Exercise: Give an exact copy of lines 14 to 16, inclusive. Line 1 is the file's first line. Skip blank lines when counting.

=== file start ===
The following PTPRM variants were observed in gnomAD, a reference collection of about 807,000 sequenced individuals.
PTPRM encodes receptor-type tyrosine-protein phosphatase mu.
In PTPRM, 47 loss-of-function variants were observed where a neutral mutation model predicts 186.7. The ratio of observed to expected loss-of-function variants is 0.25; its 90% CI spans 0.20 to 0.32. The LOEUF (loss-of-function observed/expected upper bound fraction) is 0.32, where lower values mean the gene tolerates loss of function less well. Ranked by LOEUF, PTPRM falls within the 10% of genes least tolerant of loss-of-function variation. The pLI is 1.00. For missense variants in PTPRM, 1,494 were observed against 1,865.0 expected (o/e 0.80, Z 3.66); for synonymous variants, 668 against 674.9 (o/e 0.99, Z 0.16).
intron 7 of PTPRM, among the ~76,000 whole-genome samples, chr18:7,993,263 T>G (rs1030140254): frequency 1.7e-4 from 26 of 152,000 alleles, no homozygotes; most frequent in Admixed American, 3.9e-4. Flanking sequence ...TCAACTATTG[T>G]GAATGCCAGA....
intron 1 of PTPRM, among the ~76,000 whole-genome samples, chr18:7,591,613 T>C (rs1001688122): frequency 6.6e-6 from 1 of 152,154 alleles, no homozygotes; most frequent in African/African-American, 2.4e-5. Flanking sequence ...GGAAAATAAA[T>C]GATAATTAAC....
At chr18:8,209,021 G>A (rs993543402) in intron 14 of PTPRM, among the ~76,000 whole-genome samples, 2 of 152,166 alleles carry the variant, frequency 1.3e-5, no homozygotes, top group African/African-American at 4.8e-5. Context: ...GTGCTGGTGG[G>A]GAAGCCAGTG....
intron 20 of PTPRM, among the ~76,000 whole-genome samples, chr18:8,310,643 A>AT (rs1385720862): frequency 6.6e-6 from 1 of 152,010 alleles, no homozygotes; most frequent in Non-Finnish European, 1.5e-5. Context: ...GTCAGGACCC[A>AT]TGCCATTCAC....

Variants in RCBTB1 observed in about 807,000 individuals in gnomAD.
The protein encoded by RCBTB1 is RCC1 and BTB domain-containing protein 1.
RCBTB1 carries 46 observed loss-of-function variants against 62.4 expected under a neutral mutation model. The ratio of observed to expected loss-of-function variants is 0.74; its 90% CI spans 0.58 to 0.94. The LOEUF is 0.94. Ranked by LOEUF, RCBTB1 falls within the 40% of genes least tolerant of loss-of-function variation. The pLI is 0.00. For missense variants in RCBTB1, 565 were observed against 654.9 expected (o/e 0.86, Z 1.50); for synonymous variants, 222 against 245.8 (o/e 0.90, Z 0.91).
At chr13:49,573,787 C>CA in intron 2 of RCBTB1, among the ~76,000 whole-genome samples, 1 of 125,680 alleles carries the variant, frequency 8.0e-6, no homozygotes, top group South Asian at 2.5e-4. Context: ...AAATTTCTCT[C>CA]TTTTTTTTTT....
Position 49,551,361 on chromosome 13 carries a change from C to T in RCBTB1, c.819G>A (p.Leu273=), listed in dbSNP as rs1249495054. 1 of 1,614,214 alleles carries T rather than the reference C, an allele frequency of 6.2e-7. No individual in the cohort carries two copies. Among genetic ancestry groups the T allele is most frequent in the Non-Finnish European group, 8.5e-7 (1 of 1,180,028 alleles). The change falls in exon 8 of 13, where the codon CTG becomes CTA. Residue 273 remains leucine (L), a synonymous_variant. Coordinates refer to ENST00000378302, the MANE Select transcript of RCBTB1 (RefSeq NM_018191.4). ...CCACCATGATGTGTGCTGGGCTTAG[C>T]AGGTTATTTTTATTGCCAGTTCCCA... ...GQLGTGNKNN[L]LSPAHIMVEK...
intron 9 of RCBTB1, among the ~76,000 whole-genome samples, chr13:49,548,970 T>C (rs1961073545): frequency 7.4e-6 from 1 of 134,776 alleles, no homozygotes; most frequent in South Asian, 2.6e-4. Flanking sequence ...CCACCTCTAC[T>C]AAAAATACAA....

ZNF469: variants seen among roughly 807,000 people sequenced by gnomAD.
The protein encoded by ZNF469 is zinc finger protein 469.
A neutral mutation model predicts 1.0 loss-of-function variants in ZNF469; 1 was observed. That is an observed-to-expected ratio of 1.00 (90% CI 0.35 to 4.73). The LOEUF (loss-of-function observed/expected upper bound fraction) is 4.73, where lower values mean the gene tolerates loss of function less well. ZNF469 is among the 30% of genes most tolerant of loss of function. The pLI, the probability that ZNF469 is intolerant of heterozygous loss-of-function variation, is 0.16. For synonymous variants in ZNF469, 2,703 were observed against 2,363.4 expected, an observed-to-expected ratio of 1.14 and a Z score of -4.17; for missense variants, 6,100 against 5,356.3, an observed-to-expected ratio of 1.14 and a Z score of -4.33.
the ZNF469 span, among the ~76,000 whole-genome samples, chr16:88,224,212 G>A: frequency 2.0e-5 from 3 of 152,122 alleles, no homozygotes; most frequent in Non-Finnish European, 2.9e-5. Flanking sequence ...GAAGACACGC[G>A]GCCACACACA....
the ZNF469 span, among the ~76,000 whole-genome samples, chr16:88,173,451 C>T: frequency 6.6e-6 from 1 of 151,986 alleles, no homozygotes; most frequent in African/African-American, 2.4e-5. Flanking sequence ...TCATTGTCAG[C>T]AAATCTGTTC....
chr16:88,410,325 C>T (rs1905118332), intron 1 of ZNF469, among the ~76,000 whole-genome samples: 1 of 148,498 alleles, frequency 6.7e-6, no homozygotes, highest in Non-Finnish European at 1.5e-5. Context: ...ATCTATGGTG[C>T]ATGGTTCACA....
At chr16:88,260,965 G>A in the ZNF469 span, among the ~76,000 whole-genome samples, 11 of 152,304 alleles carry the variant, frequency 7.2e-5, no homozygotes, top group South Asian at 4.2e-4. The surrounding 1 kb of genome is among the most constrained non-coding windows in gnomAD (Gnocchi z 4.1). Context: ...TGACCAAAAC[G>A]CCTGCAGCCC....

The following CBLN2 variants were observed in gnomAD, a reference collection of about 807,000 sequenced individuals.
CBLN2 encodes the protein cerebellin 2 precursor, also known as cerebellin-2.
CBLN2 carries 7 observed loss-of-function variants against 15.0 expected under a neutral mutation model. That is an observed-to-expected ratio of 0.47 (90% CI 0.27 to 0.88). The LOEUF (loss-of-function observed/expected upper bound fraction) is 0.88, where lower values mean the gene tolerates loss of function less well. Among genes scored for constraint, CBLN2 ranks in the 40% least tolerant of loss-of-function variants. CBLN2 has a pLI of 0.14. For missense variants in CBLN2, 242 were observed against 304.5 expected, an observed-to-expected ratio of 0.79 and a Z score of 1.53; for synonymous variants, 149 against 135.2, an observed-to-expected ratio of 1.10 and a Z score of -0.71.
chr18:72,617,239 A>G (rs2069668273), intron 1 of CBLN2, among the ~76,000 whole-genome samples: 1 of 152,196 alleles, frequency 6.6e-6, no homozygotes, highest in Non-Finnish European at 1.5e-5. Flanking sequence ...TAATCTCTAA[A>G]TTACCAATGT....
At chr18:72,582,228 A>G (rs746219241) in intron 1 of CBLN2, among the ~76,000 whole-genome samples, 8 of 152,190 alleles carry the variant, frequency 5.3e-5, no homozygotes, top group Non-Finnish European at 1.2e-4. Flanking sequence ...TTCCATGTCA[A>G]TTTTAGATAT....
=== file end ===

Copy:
ZNF469: variants seen among roughly 807,000 people sequenced by gnomAD.
The protein encoded by ZNF469 is zinc finger protein 469.
A neutral mutation model predicts 1.0 loss-of-function variants in ZNF469; 1 was observed. That is an observed-to-expected ratio of 1.00 (90% CI 0.35 to 4.73). The LOEUF (loss-of-function observed/expected upper bound fraction) is 4.73, where lower values mean the gene tolerates loss of function less well. ZNF469 is among the 30% of genes most tolerant of loss of function. The pLI, the probability that ZNF469 is intolerant of heterozygous loss-of-function variation, is 0.16. For synonymous variants in ZNF469, 2,703 were observed against 2,363.4 expected, an observed-to-expected ratio of 1.14 and a Z score of -4.17; for missense variants, 6,100 against 5,356.3, an observed-to-expected ratio of 1.14 and a Z score of -4.33.